Arizona State epidemiologist to explore dynamics of Mexico's H1N1 pandemic

Feb 21, 2010

Influenza surveillance mechanisms in Mexico were adequate during the fast-spreading H1N1 outbreak in 2009, yet Mexico did not have the infrastructure to quickly identify the emergence of this novel strain, according to an Arizona State University (ASU) epidemiologist.

Carlos Castillo-Chavez, director of ASU's Mathematical, Computational and Modeling Sciences Center in the College of Liberal Arts and Sciences, will take a close look at factors impacting the influenza dynamics within Mexico during a presentation Feb. 21 at the annual meeting of the American Association for the Advancement of Science. Castillo-Chavez's presentation, "Life in the Fast Lane: H1N1 Pandemic Dynamics in Mexico's Central Influenza Corridor," is part of a session of how mathematics is used for investigating biological hierarchies.

"Mexico public health officials took immediate and massive social-distancing measures during the initial outbreak that were effective, but only over a short-time scale," says Castillo-Chavez. "But the second wave hit Mexico and the rate of infections exceeded those over the months of April through June 2009. The combination of large movements of people in Mexico's central influenza corridor and past strict social-distancing measures seemed to have had a dramatic effect on the ongoing dynamics within Mexico. Fortunately, disease severity has not been as devastating as in past ."

In his analysis of Mexico's response to the H1N1 virus and the dynamics surrounding the , Castillo-Chavez will address a number of lingering questions, including whether social-distancing measures (no longer in effect) combined with summer school breaks not only slowed down the first wave but could have resulted in a less manageable second wave.

He also will break down what was learned from Mexico's experience to answer such questions as: Is the lack of advanced diagnostic facilities and uniform surveillance systems, common in poor nations, "good" for the rest of the world? What will be the impact of the limited access that the have-nots (individuals or nations) have to adequate supplies of antiviral drugs and the H1N1 vaccine on the dynamics of ? What are the optimal public health policies for non-wealthy nations?

Explore further: Recorded Ebola deaths top 7,000

add to favorites email to friend print save as pdf

Related Stories

H1N1 influenza pandemic modeling for public health action

Jul 20, 2009

Mathematical modelling can help inform public health policy in outbreaks such as the H1N1 pandemic, write members of the Pandemic Influenza Outbreak Research Modelling Team in Canada in a CMAJ (Canadian Medical Association Jo ...

Study links real-time data to flu vaccine strategies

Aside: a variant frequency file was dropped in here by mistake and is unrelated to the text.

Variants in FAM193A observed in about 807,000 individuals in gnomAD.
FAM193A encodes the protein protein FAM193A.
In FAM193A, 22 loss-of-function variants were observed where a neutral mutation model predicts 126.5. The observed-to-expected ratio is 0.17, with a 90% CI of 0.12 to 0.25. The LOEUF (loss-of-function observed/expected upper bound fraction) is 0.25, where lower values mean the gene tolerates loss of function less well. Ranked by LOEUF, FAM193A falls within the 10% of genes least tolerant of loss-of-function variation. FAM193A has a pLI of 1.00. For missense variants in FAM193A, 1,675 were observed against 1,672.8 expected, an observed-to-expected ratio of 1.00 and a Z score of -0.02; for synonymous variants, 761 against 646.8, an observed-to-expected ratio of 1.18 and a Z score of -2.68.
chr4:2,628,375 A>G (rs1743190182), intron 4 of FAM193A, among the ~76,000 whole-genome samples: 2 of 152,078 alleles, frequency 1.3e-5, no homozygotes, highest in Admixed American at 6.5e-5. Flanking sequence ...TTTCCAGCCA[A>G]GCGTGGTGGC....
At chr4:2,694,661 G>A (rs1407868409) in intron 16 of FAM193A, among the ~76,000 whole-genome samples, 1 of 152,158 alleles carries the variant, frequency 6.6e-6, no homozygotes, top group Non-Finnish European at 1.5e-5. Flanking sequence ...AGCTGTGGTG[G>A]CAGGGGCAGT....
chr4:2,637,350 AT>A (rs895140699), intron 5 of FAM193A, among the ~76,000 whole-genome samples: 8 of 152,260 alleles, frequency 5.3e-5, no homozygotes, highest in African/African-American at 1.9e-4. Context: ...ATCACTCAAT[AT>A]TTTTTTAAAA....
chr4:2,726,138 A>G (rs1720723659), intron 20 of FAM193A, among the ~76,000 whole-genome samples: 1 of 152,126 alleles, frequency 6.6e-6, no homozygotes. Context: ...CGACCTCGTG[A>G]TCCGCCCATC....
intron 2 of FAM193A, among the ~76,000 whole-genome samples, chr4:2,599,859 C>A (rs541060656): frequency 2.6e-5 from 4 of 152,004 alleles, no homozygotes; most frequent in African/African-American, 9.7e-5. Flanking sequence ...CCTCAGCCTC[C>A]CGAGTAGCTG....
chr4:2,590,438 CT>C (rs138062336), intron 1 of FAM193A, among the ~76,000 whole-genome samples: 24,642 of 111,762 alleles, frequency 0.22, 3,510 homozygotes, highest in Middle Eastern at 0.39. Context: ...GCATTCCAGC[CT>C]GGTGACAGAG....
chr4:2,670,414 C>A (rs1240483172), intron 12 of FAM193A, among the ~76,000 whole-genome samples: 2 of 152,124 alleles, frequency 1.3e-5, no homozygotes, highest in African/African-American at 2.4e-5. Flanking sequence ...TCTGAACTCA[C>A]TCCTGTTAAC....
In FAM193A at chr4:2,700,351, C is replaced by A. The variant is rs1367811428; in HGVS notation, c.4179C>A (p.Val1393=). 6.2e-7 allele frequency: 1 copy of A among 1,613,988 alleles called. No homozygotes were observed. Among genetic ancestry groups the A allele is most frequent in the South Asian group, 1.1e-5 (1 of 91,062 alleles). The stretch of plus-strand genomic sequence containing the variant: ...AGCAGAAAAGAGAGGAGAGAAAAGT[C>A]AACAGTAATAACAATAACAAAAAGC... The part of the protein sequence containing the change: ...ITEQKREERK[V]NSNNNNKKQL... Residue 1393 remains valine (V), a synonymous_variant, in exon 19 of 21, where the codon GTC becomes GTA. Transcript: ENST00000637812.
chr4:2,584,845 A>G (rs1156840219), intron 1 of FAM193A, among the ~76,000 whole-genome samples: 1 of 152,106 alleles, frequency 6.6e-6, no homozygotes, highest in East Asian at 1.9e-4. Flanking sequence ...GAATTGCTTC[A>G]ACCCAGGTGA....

Dec 03, 2009

Adaptive vaccination strategies, based on age patterns of hospitalizations and deaths monitored in real-time during the early stages of a pandemic, outperform seasonal influenza vaccination allocation strategies, according ...

Recommended for you

Recorded Ebola deaths top 7,000

5 hours ago

The worst Ebola outbreak on record has now killed more than 7,000 people, with many of the latest deaths reported in Sierra Leone, the World Health Organization said as United Nations Secretary-General Ban ...

Liberia holds Senate vote amid Ebola fears (Update)

9 hours ago

Health workers manned polling stations across Liberia on Saturday as voters cast their ballots in a twice-delayed Senate election that has been criticized for its potential to spread the deadly Ebola disease.

Evidence-based recs issued for systemic care in psoriasis

Dec 19, 2014

(HealthDay)—For appropriately selected patients with psoriasis, combining biologics with other systemic treatments, including phototherapy, oral medications, or other biologic, may result in greater efficacy ...

Bacteria in caramel apples kills at least four in US

Dec 19, 2014

A listeria outbreak believed to originate from commercially packaged caramel apples has killed at least four people in the United States and sickened 28 people since November, officials said Friday.

Steroid-based treatment may answer needs of pediatric EoE patients

Dec 19, 2014

A new formulation of oral budesonide suspension, a steroid-based treatment, is safe and effective in treating pediatric patients with eosinophilic esophagitis (EoE), according to a new study in Clinical Gastroenterology and Hepatology, the official clinical practice journal ...

User comments : 0

Please sign in to add a comment. Registration is free, and takes less than a minute. Read more

Click here to reset your password.
Sign in to get notified via email when new comments are made.